101 E. Green
|About Reading Frankenstein|
Message from the First Congregational Church of Ithaca About Reading Frankenstein
Even if you've already compiled your summer reading list, I'd like to encourage you to add one more: Mary Shelley's Frankenstein, and for good reason. As you probably have heard, Cornell University is requiring this fall's incoming freshman class, three thousand strong, to read this famous gothic novel.
In September and October, the University will be hosting a number of lectures, panel discussions, and films around the many contemporary issues raised in this 1818 classic. What you may or may not realize is, at the same time, the Tompkins County Public Library is also sponsoring a community-wide reading of Frankenstein; and using the same special edition as the Cornell freshmen.
This edition, by the way, includes not only the novel but a number of related essays as well. It is available for only $9 at the Cornell Campus Store, or you can pick up one of the 750 free copies donated by the University to the public library. Copies are also available at the rural libraries, the reading centers, all the bookstores in town, and Borders Bookstore at Pyramid Mall.
From September 30 - November 16, a national traveling exhibit, "Frankenstein - Penetrating the Secrets of Nature", will be on display in the North Reading Room of the Tompkins County Public Library. This exhibit was developed by the National Library of Medicine in the National Institutes of Health for the American Library Association and was funded by a major grant from the Natural Endowment for the Humanities. Special guided tours will be available.
And finally, what I'm sure you don't know, unless you were in church last Sunday, is that the Tompkins County Religious Workers have decided to encourage their congregations to get involved in this. Still struggling to determine when to say no instead of yes, I volunteered to coordinate that effort. Here's why.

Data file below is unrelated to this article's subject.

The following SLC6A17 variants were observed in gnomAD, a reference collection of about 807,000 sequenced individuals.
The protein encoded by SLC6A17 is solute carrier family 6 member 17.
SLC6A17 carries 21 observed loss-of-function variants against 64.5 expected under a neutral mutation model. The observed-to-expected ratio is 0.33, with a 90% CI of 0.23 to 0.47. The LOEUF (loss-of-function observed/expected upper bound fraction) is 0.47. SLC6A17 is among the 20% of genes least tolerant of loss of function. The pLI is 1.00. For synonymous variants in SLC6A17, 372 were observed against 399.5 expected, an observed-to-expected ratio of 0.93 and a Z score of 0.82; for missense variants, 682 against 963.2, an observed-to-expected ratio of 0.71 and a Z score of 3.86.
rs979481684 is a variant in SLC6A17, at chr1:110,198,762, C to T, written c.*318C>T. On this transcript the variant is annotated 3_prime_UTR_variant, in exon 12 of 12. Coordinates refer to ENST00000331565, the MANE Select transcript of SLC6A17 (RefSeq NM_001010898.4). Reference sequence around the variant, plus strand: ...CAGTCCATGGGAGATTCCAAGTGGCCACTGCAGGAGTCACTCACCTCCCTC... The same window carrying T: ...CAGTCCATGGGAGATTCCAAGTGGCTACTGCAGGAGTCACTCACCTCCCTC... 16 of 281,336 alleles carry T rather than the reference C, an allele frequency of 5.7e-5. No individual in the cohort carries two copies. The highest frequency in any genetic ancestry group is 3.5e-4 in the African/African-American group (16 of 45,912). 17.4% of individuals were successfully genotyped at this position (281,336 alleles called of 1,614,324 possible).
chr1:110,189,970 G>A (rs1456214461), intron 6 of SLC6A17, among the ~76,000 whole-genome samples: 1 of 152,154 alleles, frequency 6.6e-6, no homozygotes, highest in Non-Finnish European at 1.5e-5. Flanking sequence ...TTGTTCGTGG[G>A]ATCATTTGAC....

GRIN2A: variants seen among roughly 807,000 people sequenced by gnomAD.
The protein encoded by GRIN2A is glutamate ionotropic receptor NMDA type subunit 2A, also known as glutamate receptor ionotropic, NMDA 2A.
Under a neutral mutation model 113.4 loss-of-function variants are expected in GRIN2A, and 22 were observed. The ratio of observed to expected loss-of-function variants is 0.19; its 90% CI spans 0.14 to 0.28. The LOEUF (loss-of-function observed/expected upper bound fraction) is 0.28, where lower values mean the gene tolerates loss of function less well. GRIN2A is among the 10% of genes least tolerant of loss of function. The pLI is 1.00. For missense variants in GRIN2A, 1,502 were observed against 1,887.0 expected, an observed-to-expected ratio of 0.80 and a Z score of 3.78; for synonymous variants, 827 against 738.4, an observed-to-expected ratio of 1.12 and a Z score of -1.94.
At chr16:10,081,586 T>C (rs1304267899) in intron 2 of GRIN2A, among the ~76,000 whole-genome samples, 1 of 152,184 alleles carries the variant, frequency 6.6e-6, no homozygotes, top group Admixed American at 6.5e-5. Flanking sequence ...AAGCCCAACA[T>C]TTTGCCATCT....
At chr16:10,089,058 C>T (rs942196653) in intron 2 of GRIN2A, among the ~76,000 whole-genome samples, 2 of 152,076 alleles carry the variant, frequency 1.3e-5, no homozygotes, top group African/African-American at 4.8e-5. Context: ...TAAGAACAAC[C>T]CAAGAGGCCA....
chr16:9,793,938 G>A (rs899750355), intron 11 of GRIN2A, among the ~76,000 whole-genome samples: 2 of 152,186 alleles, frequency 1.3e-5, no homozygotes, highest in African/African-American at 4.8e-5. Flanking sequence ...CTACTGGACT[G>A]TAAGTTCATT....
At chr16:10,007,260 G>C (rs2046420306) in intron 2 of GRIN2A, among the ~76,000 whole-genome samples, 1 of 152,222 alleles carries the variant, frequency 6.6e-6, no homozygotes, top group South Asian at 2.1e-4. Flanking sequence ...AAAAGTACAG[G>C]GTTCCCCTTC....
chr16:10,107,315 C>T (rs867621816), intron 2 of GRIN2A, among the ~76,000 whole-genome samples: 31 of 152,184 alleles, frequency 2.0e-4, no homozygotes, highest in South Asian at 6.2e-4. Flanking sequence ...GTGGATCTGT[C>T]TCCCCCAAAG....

In all the publicity, suggested study guides, and planned events, there has been no specific mention of the novel's religious and theological themes. Yet, originally, Mary Shelley titled her work: Frankenstein: or, The Modern Prometheus. If that wasn't enough to alert the reader to possible philosophic and religious overtones, right below the title she added a quote ascribed to Adam addressing God, from the Puritan John Milton's epic religious poem, Paradise Lost.
"Did I request thee, Maker, from my clay to mould me man? Did I solicit thee from darkness to promote me?"
Clearly, Mary Shelley, wife of Percy Bysshe Shelley, and "good friend" of Lord Byron, (those two romantic poets, obsessed with nature and spirituality, wine and women, rebellion and notoriety), would find it difficult to write a story without aspirations, some might say pretensions, to greatness. But regardless of how one judges her or her work, one must admit she succeeded in raising some moral questions of her time. The beauty of Frankenstein is that it does the same today. With the rapid advances in biotechnology, cloning, and the genome it may be even more relevant now than it was then.
Just imagine a weekend with faith communities across Tompkins County all preaching on Frankenstein or addressing issues such as:
In a world faced with the challenges of biotechnology and cloning, how do Biblical people understand God as Creator and humans as God's creatures? Is our fear of a "Frankenstein" future rational or irrational? Where does one draw the line (take a moral stand) in medical/scientific/technological issues? How compatible is a Christian lifestyle to living in a "scientific society"? Is science value-free?
And maybe more than anything, in the book Frankenstein, who is the monster? Among all the characters, plots, successes and failures, what is truly monstrous? Where does one see true horror?
Being a Christian has never been easy, but exploring this tale within a community of believers, and in dialogue with those of other or no faith, will be a deeply rich spiritual experience. Let's stretch our souls this summer and read Frankenstein. After all, with faith we have nothing to fear. As that saint put it, "If God is for us, who can be against us?" (Romans 8:31)
- A Message from Reverend Douglas Green
It has been made possible by major grants from The
National Endowment for the Humanities, Washington, D.C., and the
National Library of Medicine,
Bethesda, Md. The traveling
exhibition is based upon a major exhibition produced by the National Library
of Medicine in 1997-1998.
We have also benefited from many local partnerships with community groups including the members of the Discovery Trail.
Frankenstein image from: http://www.creativescreenwriting.com/articles/essman12_99.html
Last Revised September 7, 2002